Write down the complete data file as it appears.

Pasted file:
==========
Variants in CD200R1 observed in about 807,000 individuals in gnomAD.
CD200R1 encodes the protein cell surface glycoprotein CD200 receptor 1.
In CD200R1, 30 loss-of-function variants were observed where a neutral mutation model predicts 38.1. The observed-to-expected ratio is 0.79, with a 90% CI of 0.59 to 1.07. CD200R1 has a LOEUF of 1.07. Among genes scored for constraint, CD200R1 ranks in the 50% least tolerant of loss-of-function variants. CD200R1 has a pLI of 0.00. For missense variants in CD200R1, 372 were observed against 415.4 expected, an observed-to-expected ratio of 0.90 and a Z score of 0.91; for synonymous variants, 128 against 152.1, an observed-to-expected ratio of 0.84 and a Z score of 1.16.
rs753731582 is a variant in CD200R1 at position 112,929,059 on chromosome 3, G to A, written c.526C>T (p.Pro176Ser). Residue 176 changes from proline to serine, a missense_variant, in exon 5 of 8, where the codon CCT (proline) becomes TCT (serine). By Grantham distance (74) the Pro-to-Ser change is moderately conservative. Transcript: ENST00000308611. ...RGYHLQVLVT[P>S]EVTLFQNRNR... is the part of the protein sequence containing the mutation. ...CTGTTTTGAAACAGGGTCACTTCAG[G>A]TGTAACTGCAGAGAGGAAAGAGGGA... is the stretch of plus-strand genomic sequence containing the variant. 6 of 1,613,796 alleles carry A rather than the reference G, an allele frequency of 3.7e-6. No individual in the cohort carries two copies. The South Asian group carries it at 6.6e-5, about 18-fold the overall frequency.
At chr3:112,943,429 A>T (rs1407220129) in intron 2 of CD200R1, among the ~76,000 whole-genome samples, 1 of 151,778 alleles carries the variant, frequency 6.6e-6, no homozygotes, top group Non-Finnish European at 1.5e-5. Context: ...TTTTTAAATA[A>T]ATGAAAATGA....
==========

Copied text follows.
Variants in CD200R1 observed in about 807,000 individuals in gnomAD.
CD200R1 encodes the protein cell surface glycoprotein CD200 receptor 1.
In CD200R1, 30 loss-of-function variants were observed where a neutral mutation model predicts 38.1. The observed-to-expected ratio is 0.79, with a 90% CI of 0.59 to 1.07. CD200R1 has a LOEUF of 1.07. Among genes scored for constraint, CD200R1 ranks in the 50% least tolerant of loss-of-function variants. CD200R1 has a pLI of 0.00. For missense variants in CD200R1, 372 were observed against 415.4 expected, an observed-to-expected ratio of 0.90 and a Z score of 0.91; for synonymous variants, 128 against 152.1, an observed-to-expected ratio of 0.84 and a Z score of 1.16.
rs753731582 is a variant in CD200R1 at position 112,929,059 on chromosome 3, G to A, written c.526C>T (p.Pro176Ser). Residue 176 changes from proline to serine, a missense_variant, in exon 5 of 8, where the codon CCT (proline) becomes TCT (serine). By Grantham distance (74) the Pro-to-Ser change is moderately conservative. Transcript: ENST00000308611. ...RGYHLQVLVT[P>S]EVTLFQNRNR... is the part of the protein sequence containing the mutation. ...CTGTTTTGAAACAGGGTCACTTCAG[G>A]TGTAACTGCAGAGAGGAAAGAGGGA... is the stretch of plus-strand genomic sequence containing the variant. 6 of 1,613,796 alleles carry A rather than the reference G, an allele frequency of 3.7e-6. No individual in the cohort carries two copies. The South Asian group carries it at 6.6e-5, about 18-fold the overall frequency.
At chr3:112,943,429 A>T (rs1407220129) in intron 2 of CD200R1, among the ~76,000 whole-genome samples, 1 of 151,778 alleles carries the variant, frequency 6.6e-6, no homozygotes, top group Non-Finnish European at 1.5e-5. Context: ...TTTTTAAATA[A>T]ATGAAAATGA....